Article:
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Gradient of scalar function discontinuous on boundary

  1. Jul 15, 2011 #1
    suppose g(r) is a scalar function which is constant inside the volume 'v' but discontinuous at the boundaries of 'v'. The magnitude of discontinuity is given by constant 'M' then can we write the following expression
    [itex]\int\nabla[/itex]g(r)dv=M[itex]\int\hat{n}\delta[/itex](r-rs)dv=M[itex]\hat{n}\int[/itex]d[itex]\delta[/itex]v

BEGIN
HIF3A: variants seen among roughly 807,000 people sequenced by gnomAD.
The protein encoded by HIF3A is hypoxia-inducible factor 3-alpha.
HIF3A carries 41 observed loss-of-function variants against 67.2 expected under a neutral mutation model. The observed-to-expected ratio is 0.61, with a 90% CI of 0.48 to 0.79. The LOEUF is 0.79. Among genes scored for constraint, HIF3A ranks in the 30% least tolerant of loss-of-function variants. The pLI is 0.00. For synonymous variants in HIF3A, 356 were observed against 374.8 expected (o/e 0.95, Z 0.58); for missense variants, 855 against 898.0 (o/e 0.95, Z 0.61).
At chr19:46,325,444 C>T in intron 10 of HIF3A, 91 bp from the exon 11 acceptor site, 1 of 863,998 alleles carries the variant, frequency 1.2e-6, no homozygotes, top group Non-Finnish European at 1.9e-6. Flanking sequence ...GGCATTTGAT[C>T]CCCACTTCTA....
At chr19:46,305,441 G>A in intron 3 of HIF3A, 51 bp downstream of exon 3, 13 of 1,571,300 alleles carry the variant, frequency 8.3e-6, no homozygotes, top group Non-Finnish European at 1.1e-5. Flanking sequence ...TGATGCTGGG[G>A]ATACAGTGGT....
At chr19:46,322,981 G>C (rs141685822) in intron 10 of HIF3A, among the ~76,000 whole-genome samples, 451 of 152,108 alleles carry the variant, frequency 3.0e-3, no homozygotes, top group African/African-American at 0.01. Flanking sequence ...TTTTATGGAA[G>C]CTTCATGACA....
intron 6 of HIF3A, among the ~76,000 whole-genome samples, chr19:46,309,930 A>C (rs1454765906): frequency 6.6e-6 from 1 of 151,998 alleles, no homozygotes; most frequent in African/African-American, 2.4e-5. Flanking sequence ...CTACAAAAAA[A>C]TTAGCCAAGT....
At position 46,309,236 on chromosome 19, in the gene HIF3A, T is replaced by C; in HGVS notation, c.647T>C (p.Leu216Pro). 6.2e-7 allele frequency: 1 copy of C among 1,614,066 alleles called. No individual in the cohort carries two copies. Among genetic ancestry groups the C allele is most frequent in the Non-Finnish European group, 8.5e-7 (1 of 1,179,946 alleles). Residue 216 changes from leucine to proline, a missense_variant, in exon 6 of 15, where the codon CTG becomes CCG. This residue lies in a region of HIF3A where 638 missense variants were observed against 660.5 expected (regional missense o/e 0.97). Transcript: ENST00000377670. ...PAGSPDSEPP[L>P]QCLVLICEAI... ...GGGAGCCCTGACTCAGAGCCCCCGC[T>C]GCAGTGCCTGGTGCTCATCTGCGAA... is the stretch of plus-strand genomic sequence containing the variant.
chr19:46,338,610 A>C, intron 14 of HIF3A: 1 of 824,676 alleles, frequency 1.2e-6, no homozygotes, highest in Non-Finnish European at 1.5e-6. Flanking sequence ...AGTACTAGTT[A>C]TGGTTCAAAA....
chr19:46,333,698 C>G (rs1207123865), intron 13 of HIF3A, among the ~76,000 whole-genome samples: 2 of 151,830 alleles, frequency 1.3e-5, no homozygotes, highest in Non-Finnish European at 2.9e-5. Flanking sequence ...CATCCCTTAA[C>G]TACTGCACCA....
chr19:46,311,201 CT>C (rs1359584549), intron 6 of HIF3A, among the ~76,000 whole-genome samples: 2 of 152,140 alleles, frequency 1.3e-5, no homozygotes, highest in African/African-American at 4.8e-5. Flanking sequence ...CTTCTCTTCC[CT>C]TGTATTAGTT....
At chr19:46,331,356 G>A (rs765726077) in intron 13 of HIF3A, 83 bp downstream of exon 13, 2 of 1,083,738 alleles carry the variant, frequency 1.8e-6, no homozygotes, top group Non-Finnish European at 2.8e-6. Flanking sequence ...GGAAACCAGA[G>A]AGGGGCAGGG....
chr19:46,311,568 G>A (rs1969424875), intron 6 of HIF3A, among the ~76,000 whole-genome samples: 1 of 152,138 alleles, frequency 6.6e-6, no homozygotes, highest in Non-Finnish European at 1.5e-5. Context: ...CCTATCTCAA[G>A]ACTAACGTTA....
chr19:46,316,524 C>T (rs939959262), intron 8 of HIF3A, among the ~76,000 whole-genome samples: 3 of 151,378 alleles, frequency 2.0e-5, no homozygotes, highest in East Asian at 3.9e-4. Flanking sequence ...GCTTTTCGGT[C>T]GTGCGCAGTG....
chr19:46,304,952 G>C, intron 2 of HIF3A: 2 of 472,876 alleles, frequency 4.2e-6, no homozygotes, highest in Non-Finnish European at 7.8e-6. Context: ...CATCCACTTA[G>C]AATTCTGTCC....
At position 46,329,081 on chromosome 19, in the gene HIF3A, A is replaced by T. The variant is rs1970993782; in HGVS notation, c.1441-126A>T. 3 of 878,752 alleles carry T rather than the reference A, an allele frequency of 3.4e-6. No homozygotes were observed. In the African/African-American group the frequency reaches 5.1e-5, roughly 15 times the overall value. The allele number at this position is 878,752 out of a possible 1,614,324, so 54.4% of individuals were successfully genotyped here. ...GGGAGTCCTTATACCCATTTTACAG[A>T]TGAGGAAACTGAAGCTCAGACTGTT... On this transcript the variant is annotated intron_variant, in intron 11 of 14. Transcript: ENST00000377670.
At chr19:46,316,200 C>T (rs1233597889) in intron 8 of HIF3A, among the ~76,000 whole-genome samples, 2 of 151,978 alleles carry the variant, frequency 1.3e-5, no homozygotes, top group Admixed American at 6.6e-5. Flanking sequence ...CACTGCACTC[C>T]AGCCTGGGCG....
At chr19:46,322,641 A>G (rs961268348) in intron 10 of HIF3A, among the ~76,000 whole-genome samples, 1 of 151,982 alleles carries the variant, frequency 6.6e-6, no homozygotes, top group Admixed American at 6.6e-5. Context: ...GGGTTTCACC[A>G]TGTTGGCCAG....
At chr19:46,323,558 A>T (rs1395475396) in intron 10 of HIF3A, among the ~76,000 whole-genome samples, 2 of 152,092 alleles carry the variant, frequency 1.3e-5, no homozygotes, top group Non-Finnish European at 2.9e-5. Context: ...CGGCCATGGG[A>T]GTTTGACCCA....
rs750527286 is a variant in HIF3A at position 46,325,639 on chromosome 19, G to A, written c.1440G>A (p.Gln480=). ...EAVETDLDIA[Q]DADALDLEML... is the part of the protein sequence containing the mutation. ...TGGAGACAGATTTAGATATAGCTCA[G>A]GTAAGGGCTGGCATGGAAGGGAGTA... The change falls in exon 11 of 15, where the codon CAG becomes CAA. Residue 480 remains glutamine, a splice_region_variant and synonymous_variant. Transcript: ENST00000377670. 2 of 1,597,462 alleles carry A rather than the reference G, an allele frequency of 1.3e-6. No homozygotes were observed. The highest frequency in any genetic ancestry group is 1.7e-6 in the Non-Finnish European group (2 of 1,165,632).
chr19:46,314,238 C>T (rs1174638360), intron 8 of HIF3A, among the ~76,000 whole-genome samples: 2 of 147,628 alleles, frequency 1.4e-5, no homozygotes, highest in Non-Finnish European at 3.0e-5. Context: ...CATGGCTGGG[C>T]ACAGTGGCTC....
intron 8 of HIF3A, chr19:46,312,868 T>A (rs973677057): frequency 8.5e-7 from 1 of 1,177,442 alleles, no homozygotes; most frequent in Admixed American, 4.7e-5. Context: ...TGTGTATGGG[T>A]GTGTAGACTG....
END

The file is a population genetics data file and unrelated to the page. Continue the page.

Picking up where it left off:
where [itex]\delta[/itex]v is the boundary of volume 'v'
    rs[itex]\in\delta[/itex]v
    [itex]\hat{n}[/itex] is the outward normal
     
  2. jcsd
  3. Jul 16, 2011 #2
    I think your first integral is zero, even though there is a discontinuity at the boundary. The only possible way that your first integral could be non-zero is if the discontinuity jumped to infinity.

    As for your second integral equaling your third integral, that's correct.
     
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